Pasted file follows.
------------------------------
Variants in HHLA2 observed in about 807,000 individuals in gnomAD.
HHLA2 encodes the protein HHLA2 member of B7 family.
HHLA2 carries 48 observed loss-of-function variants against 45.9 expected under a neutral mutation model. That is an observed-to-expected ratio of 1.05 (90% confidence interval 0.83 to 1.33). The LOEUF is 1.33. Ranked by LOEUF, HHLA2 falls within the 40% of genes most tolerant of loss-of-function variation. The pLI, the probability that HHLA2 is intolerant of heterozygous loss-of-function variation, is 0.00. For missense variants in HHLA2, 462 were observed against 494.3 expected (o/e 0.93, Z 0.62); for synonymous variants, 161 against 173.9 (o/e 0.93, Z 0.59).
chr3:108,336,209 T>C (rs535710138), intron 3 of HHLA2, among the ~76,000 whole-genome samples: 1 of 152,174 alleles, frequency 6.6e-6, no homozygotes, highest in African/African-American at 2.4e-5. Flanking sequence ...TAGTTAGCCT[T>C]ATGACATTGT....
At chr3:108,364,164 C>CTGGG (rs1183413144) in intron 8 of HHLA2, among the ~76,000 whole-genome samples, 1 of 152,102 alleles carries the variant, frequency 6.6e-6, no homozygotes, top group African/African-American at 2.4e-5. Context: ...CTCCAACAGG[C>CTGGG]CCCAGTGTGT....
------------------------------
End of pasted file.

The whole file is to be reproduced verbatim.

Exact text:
Variants in HHLA2 observed in about 807,000 individuals in gnomAD.
HHLA2 encodes the protein HHLA2 member of B7 family.
HHLA2 carries 48 observed loss-of-function variants against 45.9 expected under a neutral mutation model. That is an observed-to-expected ratio of 1.05 (90% confidence interval 0.83 to 1.33). The LOEUF is 1.33. Ranked by LOEUF, HHLA2 falls within the 40% of genes most tolerant of loss-of-function variation. The pLI, the probability that HHLA2 is intolerant of heterozygous loss-of-function variation, is 0.00. For missense variants in HHLA2, 462 were observed against 494.3 expected (o/e 0.93, Z 0.62); for synonymous variants, 161 against 173.9 (o/e 0.93, Z 0.59).
chr3:108,336,209 T>C (rs535710138), intron 3 of HHLA2, among the ~76,000 whole-genome samples: 1 of 152,174 alleles, frequency 6.6e-6, no homozygotes, highest in African/African-American at 2.4e-5. Flanking sequence ...TAGTTAGCCT[T>C]ATGACATTGT....
At chr3:108,364,164 C>CTGGG (rs1183413144) in intron 8 of HHLA2, among the ~76,000 whole-genome samples, 1 of 152,102 alleles carries the variant, frequency 6.6e-6, no homozygotes, top group African/African-American at 2.4e-5. Context: ...CTCCAACAGG[C>CTGGG]CCCAGTGTGT....